We are one people

During a recent lecture tour, I was asked whether our neuroscientific instrument MiND would produce the same results in the 'Third World' as it would in a 'First World' country. I was rather taken aback by the question.

The term Third World was coined during the Cold War to refer to the countries that were not aligned to either NATO or the Communist Block. It therefore referred to a political grouping, but its meaning gradually changed over time to refer to economic circumstances. The term is less often used today, with people being more inclined to refer to 'Developing Countries'.

However, regardless of the term, I find the sentiment offensive. Suggesting that a country is 'Third World' or 'Developing' implies that another is somehow better, or more advanced. Countries such as the UK and America are often referred to as 'advanced economies' or countries of 'The West', yet in these so-called sophisticated democracies, problems still exist. For example, America currently is holding around 15,000 migrant children in detention centres separate from their parents, has an ever-increasing prison population, and the number of guns owned by civilians exceed the entire population of the country. While in Britain, we are tearing ourselves apart over Brexit, our schools and hospitals are reaching crisis point and, despite our willingness to spend billions of pounds on governmental pet projects, we still have queues at food banks and will have hundreds of people sleeping rough on our streets this Christmas.

The irony is, that when the Human Genome Project finally published the finished sequence in 2004, one of the most striking findings was that there are no race-specific genes in humans. Rather, an individual's genome reveals his or her ancestral lineage, which is simply a function of the interbreeding among population groups dating as far back as the Neanderthals. Indeed, it is estimated that, regardless of whether you are black, white, rich, poor, short, tall, Australian or Alaskan, we are all approximately 99% genetically the same!

Unfortunately, one of the consequences of these genetic similarities is that we share weaknesses as well as strengths; one of the worst being our tendency to feel threatened by people we perceive to be different. As a result, we have a tendency to categorise people; pro-Trump/anti-Trump, Catholic/Protestant, Hutu/Tutsi, right-wing/left-wing, and at the moment in Britain, pro-Brexit/anti-Brexit.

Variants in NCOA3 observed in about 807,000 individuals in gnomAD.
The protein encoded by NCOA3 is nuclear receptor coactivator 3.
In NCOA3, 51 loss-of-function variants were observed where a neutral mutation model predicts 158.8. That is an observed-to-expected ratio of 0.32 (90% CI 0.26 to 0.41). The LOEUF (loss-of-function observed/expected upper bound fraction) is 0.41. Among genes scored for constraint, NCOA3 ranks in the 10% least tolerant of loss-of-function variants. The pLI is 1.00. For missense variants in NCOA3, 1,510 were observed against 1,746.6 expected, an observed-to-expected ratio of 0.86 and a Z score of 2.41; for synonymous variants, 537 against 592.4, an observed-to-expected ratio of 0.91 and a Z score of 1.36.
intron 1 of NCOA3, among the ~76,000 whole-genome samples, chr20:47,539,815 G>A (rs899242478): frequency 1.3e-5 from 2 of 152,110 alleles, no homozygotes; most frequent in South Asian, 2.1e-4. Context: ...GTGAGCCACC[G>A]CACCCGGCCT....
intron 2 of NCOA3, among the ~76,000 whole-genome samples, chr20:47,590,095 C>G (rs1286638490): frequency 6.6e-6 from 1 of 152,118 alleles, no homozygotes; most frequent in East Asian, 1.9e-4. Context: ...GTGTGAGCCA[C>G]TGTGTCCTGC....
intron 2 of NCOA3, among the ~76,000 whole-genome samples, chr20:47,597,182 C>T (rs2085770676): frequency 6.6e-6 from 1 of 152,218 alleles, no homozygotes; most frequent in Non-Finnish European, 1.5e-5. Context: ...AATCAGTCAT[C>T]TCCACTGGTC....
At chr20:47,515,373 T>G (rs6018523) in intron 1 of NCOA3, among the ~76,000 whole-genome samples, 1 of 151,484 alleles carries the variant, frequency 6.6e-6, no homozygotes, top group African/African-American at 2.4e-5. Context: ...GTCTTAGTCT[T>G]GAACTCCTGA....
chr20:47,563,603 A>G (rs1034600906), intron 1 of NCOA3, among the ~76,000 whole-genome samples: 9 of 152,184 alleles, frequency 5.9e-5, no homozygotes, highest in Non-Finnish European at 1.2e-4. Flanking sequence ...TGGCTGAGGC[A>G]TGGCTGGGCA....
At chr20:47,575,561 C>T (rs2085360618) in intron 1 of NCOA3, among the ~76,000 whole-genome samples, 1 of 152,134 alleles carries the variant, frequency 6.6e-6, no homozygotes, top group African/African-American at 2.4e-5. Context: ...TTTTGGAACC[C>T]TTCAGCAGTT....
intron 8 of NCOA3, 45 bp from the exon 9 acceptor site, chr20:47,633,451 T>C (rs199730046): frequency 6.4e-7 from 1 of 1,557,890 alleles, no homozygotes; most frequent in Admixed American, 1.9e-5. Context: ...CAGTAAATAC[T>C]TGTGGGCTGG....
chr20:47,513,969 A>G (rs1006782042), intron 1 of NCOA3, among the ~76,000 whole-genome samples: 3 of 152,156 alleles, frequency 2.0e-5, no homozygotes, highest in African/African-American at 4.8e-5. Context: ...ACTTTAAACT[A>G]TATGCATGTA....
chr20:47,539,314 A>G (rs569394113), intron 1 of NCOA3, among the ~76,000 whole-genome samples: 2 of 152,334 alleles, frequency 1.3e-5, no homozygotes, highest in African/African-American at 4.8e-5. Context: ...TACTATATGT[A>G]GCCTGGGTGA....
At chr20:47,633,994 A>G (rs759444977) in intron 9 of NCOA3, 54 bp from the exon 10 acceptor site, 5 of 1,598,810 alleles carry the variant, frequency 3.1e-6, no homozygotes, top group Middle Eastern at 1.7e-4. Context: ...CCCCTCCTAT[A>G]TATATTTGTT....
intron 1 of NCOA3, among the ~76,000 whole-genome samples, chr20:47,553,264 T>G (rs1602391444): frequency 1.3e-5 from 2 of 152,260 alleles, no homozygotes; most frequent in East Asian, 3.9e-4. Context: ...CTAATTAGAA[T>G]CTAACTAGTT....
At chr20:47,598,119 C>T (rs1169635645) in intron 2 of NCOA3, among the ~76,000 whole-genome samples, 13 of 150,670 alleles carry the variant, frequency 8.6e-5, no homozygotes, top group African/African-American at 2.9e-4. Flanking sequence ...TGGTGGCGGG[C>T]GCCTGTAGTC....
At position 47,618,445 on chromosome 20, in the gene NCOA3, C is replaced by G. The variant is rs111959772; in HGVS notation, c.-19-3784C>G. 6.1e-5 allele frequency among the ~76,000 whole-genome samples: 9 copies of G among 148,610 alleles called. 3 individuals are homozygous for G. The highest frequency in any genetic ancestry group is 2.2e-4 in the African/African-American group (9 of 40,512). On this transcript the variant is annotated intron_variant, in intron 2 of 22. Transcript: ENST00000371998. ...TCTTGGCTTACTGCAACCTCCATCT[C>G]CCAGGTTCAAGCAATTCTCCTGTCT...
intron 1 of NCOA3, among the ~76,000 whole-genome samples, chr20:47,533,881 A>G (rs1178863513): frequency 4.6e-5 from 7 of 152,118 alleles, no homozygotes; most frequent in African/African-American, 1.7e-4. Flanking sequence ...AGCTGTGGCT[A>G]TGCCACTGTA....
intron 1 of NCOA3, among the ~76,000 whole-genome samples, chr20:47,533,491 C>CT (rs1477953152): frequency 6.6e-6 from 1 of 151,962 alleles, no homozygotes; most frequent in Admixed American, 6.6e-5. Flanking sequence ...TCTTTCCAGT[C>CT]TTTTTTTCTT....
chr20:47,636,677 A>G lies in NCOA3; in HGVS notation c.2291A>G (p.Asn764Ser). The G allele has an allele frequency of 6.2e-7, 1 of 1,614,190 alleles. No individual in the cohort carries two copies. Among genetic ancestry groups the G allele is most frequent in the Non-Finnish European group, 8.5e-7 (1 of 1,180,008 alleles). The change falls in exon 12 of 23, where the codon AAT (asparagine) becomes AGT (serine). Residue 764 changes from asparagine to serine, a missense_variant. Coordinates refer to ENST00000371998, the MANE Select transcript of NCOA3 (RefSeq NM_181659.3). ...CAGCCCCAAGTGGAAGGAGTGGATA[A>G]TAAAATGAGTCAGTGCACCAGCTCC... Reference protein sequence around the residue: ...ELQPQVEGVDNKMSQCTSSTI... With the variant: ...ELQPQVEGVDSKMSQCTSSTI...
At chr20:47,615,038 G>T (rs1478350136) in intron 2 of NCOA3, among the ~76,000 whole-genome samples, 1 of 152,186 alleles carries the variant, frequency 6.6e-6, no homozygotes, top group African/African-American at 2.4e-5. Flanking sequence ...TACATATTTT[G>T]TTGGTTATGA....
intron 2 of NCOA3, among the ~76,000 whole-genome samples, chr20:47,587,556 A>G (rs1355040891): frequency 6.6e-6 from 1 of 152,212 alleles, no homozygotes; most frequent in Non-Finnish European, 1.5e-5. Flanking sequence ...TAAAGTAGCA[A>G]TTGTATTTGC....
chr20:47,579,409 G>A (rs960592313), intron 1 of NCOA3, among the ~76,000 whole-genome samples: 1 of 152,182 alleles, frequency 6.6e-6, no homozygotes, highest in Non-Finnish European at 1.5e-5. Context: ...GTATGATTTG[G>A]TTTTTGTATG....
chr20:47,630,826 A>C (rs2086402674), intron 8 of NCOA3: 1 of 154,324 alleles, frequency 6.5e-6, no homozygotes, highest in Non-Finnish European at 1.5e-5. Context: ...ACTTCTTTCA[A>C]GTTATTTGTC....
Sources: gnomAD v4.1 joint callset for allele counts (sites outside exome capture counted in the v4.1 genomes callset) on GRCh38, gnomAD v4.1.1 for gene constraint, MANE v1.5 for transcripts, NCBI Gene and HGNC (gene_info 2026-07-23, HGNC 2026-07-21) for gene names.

My objection to the categorisation of first or third world countries is that it is yet another concept that moves us away from the realisation that we are one people. That the world over we all want the same things - sufficient food, warmth, shelter and a safe place to raise our children. The fact that we argue over the best ways of achieving these things is not a problem, provided we all remember that one day in the future, the likelihood is that we will be arguing over something completely different, and that the people whose support we will seek then, may well be the same people we oppose today.

Finally, to answer the question, MiND results vary according to the preference, energy and motivation of the people completing the questionnaire. Where upbringing and cultural heritage influences those factors, the MiND results will vary accordingly. However, there is no evidence within the mass of data we have collected since the launch of MiND in 2011 that would enable us to guess the nationality, ethnicity or gender of an individual respondent. We are one people.


Almost 15,000 Migrant Children Now Held At Nearly Full Shelters, NPR, 13/12/18.
The Human Genome Project: big science transforms biology and medicine, Hood & Rowen Genome Medicine 2013.
How Genetically Similar Are Two Random People? Cell Biology by the Numbers, 2015.
Civilian Firearms Holdings, 2017. Graduate Institute of International and Development Studies, Geneva.

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